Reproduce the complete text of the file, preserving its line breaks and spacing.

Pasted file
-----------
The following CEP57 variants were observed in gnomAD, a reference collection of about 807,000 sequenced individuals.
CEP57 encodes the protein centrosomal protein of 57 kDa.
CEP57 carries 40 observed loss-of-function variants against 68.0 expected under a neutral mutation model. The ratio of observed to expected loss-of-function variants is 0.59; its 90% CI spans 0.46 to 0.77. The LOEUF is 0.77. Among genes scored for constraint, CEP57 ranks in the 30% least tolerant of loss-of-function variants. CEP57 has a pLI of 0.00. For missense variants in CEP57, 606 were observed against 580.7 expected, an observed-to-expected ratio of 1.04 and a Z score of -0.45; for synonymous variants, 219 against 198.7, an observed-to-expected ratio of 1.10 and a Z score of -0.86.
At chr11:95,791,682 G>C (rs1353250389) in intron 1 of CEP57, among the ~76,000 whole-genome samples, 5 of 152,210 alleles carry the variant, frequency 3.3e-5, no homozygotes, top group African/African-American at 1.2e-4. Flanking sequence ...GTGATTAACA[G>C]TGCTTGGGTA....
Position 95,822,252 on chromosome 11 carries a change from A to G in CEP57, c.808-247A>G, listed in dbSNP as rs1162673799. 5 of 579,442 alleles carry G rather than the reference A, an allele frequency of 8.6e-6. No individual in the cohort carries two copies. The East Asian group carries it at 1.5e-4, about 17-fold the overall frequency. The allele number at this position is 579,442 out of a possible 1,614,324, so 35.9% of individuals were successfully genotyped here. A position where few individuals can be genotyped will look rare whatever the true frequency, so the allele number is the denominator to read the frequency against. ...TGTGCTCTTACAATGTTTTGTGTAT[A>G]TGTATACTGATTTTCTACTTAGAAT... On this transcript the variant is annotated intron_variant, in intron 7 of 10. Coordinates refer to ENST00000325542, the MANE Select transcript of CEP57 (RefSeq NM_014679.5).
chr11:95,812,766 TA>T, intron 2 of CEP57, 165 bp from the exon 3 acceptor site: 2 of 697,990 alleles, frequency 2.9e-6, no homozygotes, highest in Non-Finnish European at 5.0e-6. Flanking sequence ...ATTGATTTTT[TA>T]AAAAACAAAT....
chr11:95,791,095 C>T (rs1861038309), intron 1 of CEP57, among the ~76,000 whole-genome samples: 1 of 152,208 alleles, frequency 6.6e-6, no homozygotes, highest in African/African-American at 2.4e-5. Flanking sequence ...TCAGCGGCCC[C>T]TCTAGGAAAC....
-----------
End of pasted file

The following CEP57 variants were observed in gnomAD, a reference collection of about 807,000 sequenced individuals.
CEP57 encodes the protein centrosomal protein of 57 kDa.
CEP57 carries 40 observed loss-of-function variants against 68.0 expected under a neutral mutation model. The ratio of observed to expected loss-of-function variants is 0.59; its 90% CI spans 0.46 to 0.77. The LOEUF is 0.77. Among genes scored for constraint, CEP57 ranks in the 30% least tolerant of loss-of-function variants. CEP57 has a pLI of 0.00. For missense variants in CEP57, 606 were observed against 580.7 expected, an observed-to-expected ratio of 1.04 and a Z score of -0.45; for synonymous variants, 219 against 198.7, an observed-to-expected ratio of 1.10 and a Z score of -0.86.
At chr11:95,791,682 G>C (rs1353250389) in intron 1 of CEP57, among the ~76,000 whole-genome samples, 5 of 152,210 alleles carry the variant, frequency 3.3e-5, no homozygotes, top group African/African-American at 1.2e-4. Flanking sequence ...GTGATTAACA[G>C]TGCTTGGGTA....
Position 95,822,252 on chromosome 11 carries a change from A to G in CEP57, c.808-247A>G, listed in dbSNP as rs1162673799. 5 of 579,442 alleles carry G rather than the reference A, an allele frequency of 8.6e-6. No individual in the cohort carries two copies. The East Asian group carries it at 1.5e-4, about 17-fold the overall frequency. The allele number at this position is 579,442 out of a possible 1,614,324, so 35.9% of individuals were successfully genotyped here. A position where few individuals can be genotyped will look rare whatever the true frequency, so the allele number is the denominator to read the frequency against. ...TGTGCTCTTACAATGTTTTGTGTAT[A>G]TGTATACTGATTTTCTACTTAGAAT... On this transcript the variant is annotated intron_variant, in intron 7 of 10. Coordinates refer to ENST00000325542, the MANE Select transcript of CEP57 (RefSeq NM_014679.5).
chr11:95,812,766 TA>T, intron 2 of CEP57, 165 bp from the exon 3 acceptor site: 2 of 697,990 alleles, frequency 2.9e-6, no homozygotes, highest in Non-Finnish European at 5.0e-6. Flanking sequence ...ATTGATTTTT[TA>T]AAAAACAAAT....
chr11:95,791,095 C>T (rs1861038309), intron 1 of CEP57, among the ~76,000 whole-genome samples: 1 of 152,208 alleles, frequency 6.6e-6, no homozygotes, highest in African/African-American at 2.4e-5. Flanking sequence ...TCAGCGGCCC[C>T]TCTAGGAAAC....